Italians and Starbucks
Once that an Italian crosses the threshold of any Starbucks all over the world, he never wants to go out! The charming atmosphere given by comfortable armchairs, people sat or even relaxed drinking their Frappuccini during the summer or hot beverages in winter, catches Italians’ eye insomuch as, when they plan to go abroad for a vacation, (in most cases young people), they often check where is the closest Starbucks in which they could taste american coffee and brownies.
The question now comes spontaneous: why the population with the best and refined Espresso should be thrilled just to the idea of going to Starbucks? I think that it is not just for nice beverages, paper cups with your name on and fashionable merchandise, but especially because, at Starbucks, you can sit down with your friends and talk about this and that, if you are a writer who needs a comfortable but not too quite place, there you can write the last chapter of your novel; or if it is just you and your laptop, wi – fi connection will allow you to spend the afternoon surfing on the net.
So, among Italians Starbucks is cool because it is like the living room they have never had, with a window on the city by which they can be distracted by people walking and shop’s lights, while they are sipping a caramel Frappuccino and eating a fat chocolate cake. And once in a while flipping over the pages of the daily newspaper or laughing with friends.
Unfortunately, as many people know, Howard Schultz, the owner of Starbucks, doesn’t intend to open one of them in Italy, because he is afraid to not have success in a country in which coffee culture is so different from the American one. But the Italian fans of the chain didn’t give up and they built some blogs called vogliamostarbucks.com where they manifested their disappointment for Schultz’s choice.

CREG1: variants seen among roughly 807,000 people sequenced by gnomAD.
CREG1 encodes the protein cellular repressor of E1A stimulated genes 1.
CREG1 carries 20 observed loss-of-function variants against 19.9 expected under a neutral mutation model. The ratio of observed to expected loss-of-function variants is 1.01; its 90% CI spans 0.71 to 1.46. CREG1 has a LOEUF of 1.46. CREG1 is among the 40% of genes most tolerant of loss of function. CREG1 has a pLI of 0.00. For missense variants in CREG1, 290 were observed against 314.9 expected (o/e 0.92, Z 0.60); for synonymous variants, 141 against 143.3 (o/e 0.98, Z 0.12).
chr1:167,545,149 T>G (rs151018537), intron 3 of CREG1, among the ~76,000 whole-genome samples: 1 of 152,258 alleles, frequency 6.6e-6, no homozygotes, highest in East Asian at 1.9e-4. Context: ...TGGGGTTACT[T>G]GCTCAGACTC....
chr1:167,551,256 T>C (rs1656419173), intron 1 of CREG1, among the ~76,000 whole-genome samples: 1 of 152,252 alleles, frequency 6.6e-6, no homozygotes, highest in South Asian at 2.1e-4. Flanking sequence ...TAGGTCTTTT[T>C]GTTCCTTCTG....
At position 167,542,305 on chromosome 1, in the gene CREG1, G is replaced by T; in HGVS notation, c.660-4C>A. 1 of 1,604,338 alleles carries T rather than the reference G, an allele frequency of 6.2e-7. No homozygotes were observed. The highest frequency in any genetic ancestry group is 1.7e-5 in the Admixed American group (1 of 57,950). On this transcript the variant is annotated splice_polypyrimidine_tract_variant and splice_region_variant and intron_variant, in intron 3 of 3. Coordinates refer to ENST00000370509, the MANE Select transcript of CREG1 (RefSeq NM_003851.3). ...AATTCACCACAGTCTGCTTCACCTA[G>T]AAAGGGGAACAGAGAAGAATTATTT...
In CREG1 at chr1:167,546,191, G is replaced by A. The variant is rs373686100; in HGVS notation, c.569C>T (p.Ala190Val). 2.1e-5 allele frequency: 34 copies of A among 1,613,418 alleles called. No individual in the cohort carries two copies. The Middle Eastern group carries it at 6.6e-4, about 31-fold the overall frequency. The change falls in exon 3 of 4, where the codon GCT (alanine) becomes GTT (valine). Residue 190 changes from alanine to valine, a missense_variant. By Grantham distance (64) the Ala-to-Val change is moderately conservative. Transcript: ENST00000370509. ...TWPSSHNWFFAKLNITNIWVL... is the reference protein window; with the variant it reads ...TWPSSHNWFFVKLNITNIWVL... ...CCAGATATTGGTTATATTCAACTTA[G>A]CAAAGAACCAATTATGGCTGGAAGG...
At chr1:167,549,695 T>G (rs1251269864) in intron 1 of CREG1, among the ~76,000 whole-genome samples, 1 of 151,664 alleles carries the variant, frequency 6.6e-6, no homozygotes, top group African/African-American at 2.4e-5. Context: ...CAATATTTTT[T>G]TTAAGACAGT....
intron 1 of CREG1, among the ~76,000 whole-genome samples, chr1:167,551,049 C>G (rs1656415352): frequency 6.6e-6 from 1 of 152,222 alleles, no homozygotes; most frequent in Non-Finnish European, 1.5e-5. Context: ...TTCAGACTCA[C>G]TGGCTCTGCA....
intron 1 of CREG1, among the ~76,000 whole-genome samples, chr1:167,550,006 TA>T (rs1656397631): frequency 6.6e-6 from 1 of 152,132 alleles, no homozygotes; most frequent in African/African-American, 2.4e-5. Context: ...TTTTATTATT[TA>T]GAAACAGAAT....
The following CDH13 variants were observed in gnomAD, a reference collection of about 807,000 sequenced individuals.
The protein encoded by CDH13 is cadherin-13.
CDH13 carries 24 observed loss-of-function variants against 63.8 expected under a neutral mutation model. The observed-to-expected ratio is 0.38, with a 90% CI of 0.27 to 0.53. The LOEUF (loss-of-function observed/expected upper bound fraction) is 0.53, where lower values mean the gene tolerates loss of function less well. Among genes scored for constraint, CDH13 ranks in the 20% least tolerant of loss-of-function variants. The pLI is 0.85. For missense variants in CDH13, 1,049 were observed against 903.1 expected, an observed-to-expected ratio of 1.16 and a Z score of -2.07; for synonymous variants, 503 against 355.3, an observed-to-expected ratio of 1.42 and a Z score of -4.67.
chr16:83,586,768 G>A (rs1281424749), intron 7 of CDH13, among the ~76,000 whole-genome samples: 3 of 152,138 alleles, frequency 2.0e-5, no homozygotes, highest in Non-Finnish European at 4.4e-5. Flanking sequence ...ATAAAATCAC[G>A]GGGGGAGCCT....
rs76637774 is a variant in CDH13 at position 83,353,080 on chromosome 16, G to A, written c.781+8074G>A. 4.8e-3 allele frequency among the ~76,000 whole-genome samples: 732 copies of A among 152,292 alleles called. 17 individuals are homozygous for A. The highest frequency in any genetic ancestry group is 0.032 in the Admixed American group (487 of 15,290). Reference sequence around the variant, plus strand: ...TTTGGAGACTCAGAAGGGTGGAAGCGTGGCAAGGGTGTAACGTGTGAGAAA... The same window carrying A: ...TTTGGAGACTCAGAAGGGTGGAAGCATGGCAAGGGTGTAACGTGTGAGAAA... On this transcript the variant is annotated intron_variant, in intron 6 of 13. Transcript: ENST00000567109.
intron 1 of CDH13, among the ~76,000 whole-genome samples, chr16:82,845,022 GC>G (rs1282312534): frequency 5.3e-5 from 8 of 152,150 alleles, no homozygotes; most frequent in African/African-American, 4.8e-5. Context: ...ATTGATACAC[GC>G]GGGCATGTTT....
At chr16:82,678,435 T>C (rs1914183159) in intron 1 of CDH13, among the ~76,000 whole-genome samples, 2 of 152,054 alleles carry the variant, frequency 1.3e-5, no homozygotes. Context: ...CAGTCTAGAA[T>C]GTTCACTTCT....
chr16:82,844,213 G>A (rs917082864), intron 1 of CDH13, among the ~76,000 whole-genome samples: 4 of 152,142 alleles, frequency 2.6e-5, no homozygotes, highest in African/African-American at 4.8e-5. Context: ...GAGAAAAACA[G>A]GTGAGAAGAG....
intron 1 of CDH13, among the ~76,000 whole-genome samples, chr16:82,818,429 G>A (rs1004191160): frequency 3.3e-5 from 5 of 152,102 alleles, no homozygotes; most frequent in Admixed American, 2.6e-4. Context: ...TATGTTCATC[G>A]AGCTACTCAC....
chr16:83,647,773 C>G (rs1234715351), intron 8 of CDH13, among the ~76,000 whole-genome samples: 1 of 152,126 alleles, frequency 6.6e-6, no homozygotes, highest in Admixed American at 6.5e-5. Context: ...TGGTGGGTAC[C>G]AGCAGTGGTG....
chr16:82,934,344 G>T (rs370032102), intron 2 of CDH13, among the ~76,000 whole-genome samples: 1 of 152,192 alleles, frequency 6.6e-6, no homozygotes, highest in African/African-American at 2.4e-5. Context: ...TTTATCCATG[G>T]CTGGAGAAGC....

What the most doesn’t know is where Starbucks’ come from, what are its origins. And here comes the surprise, because it was thank to a journey in Italy (on behalf of a Swedish coffee machineries company), that Schultz decided, once come back to USA, to invest in a little and simple coffee shop that two young business men of Seattle called like the Achab’s mate of the novel Moby Dick. Schultz had been inspired by Italian squares and bars of the 80s and from this idea he has been able to open 11 thousands Starbucks just in America, building an empire of 10 thousands dollars. Forbes placed him in the first 300 richest men chart with an income of a billion and 300 millions, declaring that he’s shaping a new idea of bussiness based also on non – profit.
So, it is quite understandable why selling coffee to Italians would be a huge risk for Schultz’s empire: they are used to have it standing before going to work, not while they are going to work; they are not even used to think at bars in a different way from the one they have been conceived for. Nevertheless, some months ago Schultz announced that he’s thinking to open a Starbucks in Italy, it might be in Rome or Milan, by the end of next year. There is still hope.
Repubblica (Affari e Finanza), p. 6 10 – 31, 2011